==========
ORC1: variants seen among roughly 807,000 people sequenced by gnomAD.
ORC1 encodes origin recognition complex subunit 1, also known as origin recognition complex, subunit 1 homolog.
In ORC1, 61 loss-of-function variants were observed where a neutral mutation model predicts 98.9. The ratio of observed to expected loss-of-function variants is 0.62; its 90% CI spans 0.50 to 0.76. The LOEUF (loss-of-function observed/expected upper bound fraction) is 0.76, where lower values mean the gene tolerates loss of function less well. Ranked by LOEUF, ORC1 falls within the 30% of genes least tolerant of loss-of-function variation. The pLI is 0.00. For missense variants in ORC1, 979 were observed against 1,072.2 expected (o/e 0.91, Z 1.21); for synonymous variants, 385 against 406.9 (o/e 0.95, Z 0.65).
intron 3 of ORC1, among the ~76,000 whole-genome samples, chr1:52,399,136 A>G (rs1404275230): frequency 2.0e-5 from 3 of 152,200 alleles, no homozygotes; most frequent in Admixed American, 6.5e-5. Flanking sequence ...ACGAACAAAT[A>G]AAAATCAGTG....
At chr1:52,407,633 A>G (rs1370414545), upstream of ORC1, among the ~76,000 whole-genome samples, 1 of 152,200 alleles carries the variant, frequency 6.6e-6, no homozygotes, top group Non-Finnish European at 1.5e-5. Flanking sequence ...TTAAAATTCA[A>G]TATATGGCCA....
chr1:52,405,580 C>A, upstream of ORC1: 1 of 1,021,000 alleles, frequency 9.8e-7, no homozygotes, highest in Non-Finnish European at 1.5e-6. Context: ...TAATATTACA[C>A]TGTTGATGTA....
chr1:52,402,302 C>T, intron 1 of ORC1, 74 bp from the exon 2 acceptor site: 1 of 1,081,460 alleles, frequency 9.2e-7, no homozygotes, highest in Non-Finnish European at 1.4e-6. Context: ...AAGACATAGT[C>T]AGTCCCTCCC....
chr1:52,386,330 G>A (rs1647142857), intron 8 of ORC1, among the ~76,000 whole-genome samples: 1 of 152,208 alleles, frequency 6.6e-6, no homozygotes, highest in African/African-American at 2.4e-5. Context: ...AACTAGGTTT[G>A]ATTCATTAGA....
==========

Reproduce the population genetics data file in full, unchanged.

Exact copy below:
ORC1: variants seen among roughly 807,000 people sequenced by gnomAD.
ORC1 encodes origin recognition complex subunit 1, also known as origin recognition complex, subunit 1 homolog.
In ORC1, 61 loss-of-function variants were observed where a neutral mutation model predicts 98.9. The ratio of observed to expected loss-of-function variants is 0.62; its 90% CI spans 0.50 to 0.76. The LOEUF (loss-of-function observed/expected upper bound fraction) is 0.76, where lower values mean the gene tolerates loss of function less well. Ranked by LOEUF, ORC1 falls within the 30% of genes least tolerant of loss-of-function variation. The pLI is 0.00. For missense variants in ORC1, 979 were observed against 1,072.2 expected (o/e 0.91, Z 1.21); for synonymous variants, 385 against 406.9 (o/e 0.95, Z 0.65).
intron 3 of ORC1, among the ~76,000 whole-genome samples, chr1:52,399,136 A>G (rs1404275230): frequency 2.0e-5 from 3 of 152,200 alleles, no homozygotes; most frequent in Admixed American, 6.5e-5. Flanking sequence ...ACGAACAAAT[A>G]AAAATCAGTG....
At chr1:52,407,633 A>G (rs1370414545), upstream of ORC1, among the ~76,000 whole-genome samples, 1 of 152,200 alleles carries the variant, frequency 6.6e-6, no homozygotes, top group Non-Finnish European at 1.5e-5. Flanking sequence ...TTAAAATTCA[A>G]TATATGGCCA....
chr1:52,405,580 C>A, upstream of ORC1: 1 of 1,021,000 alleles, frequency 9.8e-7, no homozygotes, highest in Non-Finnish European at 1.5e-6. Context: ...TAATATTACA[C>A]TGTTGATGTA....
chr1:52,402,302 C>T, intron 1 of ORC1, 74 bp from the exon 2 acceptor site: 1 of 1,081,460 alleles, frequency 9.2e-7, no homozygotes, highest in Non-Finnish European at 1.4e-6. Context: ...AAGACATAGT[C>T]AGTCCCTCCC....
chr1:52,386,330 G>A (rs1647142857), intron 8 of ORC1, among the ~76,000 whole-genome samples: 1 of 152,208 alleles, frequency 6.6e-6, no homozygotes, highest in African/African-American at 2.4e-5. Context: ...AACTAGGTTT[G>A]ATTCATTAGA....